The Watts Healthy Farmers Market has so far succeeded in bringing a variety of quality produce to Watts residents at affordable prices. The produce is accessible to those who depend on EBT and WIC benefits to purchase food through a program called Market Match, which matches up to $10 of fruits and veggies at the market. “It just makes an amazing amount of difference to have 10 extra dollars a week,” says Jackie Sauceda-Rivera, who manages Market Match for SEE LA. “It’s all going to be used on fresh produce. It’s not going to be used on popcorn or hotdogs or anything like that.”
Watts resident Alejandra Garcia, 28, attends the market every week with her husband and two children. She says that because of Market Match and the quality of the food, she not only spends less money than at the local grocery store, but the food she buys lasts longer. “I can spend $50 here, and what I bought lasts for two weeks,” she says, “compared to if I spend twice as much at the store, and have the food last just a week.”
Choi is hoping to deliver a similar sense of value at Locol, where the most expensive item on the menu is $6.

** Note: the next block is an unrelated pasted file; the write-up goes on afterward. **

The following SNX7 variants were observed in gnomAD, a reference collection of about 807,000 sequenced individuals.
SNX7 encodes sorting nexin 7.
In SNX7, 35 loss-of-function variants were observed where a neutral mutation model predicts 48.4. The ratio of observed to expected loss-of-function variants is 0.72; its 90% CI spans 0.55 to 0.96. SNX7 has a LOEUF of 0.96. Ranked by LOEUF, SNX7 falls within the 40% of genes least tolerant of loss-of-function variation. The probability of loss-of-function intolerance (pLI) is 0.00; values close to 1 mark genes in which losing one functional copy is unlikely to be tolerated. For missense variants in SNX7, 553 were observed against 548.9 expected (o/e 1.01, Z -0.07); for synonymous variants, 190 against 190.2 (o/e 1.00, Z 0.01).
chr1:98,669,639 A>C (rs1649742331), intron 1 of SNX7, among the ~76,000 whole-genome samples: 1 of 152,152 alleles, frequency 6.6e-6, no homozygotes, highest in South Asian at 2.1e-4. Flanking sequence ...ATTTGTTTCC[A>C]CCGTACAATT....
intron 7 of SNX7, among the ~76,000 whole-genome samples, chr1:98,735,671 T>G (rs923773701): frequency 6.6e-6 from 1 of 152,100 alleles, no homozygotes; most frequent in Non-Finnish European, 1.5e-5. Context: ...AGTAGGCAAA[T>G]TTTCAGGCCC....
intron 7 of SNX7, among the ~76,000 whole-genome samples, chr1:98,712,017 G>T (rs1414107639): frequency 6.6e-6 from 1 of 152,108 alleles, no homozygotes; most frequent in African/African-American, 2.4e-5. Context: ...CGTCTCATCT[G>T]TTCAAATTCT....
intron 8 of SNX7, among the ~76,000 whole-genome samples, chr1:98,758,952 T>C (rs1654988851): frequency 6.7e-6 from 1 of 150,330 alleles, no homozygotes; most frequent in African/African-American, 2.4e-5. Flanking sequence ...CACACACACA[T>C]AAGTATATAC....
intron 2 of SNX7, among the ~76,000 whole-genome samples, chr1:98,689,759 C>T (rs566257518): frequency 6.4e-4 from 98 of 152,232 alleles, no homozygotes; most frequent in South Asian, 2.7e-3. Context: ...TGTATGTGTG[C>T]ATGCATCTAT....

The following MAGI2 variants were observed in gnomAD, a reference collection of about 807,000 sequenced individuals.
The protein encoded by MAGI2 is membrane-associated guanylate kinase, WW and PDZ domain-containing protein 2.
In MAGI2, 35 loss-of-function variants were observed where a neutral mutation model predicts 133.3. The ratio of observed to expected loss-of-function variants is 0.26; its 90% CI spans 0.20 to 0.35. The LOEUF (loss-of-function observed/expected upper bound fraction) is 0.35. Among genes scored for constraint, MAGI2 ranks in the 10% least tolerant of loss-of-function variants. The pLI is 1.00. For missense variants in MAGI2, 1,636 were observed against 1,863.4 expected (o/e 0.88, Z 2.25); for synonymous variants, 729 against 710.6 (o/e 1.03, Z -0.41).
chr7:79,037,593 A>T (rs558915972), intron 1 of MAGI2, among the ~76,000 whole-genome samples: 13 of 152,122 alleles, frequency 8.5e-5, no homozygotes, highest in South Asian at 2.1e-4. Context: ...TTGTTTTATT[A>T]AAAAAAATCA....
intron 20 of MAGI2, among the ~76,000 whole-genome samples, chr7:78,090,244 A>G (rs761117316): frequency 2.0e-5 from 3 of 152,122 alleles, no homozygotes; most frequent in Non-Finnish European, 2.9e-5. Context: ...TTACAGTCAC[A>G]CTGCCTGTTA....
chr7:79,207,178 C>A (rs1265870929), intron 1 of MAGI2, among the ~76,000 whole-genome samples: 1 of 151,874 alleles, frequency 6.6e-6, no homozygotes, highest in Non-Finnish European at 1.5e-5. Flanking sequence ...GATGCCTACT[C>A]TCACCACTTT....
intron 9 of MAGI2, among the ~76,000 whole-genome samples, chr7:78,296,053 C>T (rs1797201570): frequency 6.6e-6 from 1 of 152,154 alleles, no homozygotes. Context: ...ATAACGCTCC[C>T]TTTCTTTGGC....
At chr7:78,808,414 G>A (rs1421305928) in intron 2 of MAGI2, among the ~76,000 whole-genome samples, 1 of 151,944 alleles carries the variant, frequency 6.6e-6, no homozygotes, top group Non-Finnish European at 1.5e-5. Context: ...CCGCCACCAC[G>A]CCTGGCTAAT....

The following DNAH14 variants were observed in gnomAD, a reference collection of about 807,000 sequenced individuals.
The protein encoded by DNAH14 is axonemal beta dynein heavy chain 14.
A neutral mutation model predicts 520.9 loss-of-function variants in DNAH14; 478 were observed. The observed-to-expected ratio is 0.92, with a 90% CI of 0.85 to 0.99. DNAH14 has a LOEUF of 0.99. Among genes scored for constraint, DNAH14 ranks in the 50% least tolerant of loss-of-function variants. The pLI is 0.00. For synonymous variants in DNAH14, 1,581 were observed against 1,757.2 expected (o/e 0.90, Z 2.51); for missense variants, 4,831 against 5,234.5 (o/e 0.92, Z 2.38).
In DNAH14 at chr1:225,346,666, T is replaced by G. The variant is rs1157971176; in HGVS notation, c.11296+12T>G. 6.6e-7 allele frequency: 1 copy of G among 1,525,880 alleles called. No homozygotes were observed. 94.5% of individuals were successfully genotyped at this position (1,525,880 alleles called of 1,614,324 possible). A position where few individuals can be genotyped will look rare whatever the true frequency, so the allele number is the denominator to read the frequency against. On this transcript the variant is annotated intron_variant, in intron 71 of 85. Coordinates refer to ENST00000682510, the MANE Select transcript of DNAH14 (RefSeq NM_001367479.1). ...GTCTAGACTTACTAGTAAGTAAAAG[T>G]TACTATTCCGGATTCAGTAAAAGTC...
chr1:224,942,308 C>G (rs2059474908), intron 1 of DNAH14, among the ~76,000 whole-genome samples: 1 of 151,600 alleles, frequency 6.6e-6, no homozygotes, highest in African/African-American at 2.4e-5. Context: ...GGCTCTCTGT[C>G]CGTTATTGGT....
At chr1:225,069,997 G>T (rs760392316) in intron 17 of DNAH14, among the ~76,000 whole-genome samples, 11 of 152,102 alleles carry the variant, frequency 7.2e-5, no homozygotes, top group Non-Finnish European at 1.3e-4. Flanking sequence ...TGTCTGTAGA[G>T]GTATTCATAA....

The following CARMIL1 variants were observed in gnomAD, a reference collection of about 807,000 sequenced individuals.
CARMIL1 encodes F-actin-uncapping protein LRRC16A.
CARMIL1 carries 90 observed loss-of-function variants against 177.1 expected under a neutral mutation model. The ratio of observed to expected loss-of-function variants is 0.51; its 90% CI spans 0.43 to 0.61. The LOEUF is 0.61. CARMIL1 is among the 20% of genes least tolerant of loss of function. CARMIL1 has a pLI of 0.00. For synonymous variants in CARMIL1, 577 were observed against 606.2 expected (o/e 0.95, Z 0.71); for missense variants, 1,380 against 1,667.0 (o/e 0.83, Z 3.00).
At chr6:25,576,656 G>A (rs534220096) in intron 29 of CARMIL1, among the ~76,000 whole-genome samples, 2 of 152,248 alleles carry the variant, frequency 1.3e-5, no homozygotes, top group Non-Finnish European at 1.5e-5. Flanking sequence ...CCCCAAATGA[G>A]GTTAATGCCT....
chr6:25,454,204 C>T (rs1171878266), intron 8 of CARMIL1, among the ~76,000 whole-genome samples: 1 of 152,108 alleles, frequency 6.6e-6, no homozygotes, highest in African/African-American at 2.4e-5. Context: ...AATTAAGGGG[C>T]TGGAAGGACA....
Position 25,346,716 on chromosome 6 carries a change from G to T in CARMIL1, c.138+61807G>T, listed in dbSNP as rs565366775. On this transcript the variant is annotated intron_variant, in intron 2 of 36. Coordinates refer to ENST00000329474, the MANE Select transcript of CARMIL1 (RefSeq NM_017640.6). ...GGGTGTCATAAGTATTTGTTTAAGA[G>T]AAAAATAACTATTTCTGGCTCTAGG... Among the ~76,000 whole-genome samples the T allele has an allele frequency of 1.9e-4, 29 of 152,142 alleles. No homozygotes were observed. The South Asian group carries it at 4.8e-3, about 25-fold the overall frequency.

“We imagine the menu,” Choi says, “and then once we cook it, we break it down. If it’s too expensive, then we look for a technique to bridge it.” When it came to moving into Watts, the Locol team called on those who had a long relationship with and knowledge of the neighborhood to help come up with dishes that would appeal to the community
“There’s a big difference between pressing yourself upon someone and asking permission, so we asked permission,” Choi says. He spoke to Sherrills, who offered to be Choi’s bridge to the community and helped him speak to people at community meetings and knock on doors. “It was like I was running for office,” he jokes. “But it wasn’t political; it was completely soulful.”
Some residents say they are optimistic about Locol's goals.
“I think this will build Watts up,” Perrine Madison says. “It’ll create a job or two, and it’ll get a lot of business. The kids [from Florence Griffith Joyner Elementary School, just across the street from Locol] won’t have to go too far to get food.”